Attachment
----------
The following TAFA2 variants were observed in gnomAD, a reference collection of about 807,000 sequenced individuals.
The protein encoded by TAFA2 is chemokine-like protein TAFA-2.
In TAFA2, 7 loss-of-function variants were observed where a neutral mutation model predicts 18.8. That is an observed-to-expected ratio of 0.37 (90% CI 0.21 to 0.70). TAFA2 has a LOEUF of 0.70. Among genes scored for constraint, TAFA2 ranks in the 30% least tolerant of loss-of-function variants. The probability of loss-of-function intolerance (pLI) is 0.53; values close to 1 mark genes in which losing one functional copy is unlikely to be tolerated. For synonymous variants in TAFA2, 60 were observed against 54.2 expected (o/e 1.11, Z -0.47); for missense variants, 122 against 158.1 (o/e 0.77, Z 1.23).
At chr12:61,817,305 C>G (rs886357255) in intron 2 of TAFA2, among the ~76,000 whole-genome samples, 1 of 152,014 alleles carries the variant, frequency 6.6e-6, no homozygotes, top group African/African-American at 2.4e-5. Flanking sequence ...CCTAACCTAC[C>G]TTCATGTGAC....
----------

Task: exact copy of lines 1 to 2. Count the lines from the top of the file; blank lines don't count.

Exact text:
The following TAFA2 variants were observed in gnomAD, a reference collection of about 807,000 sequenced individuals.
The protein encoded by TAFA2 is chemokine-like protein TAFA-2.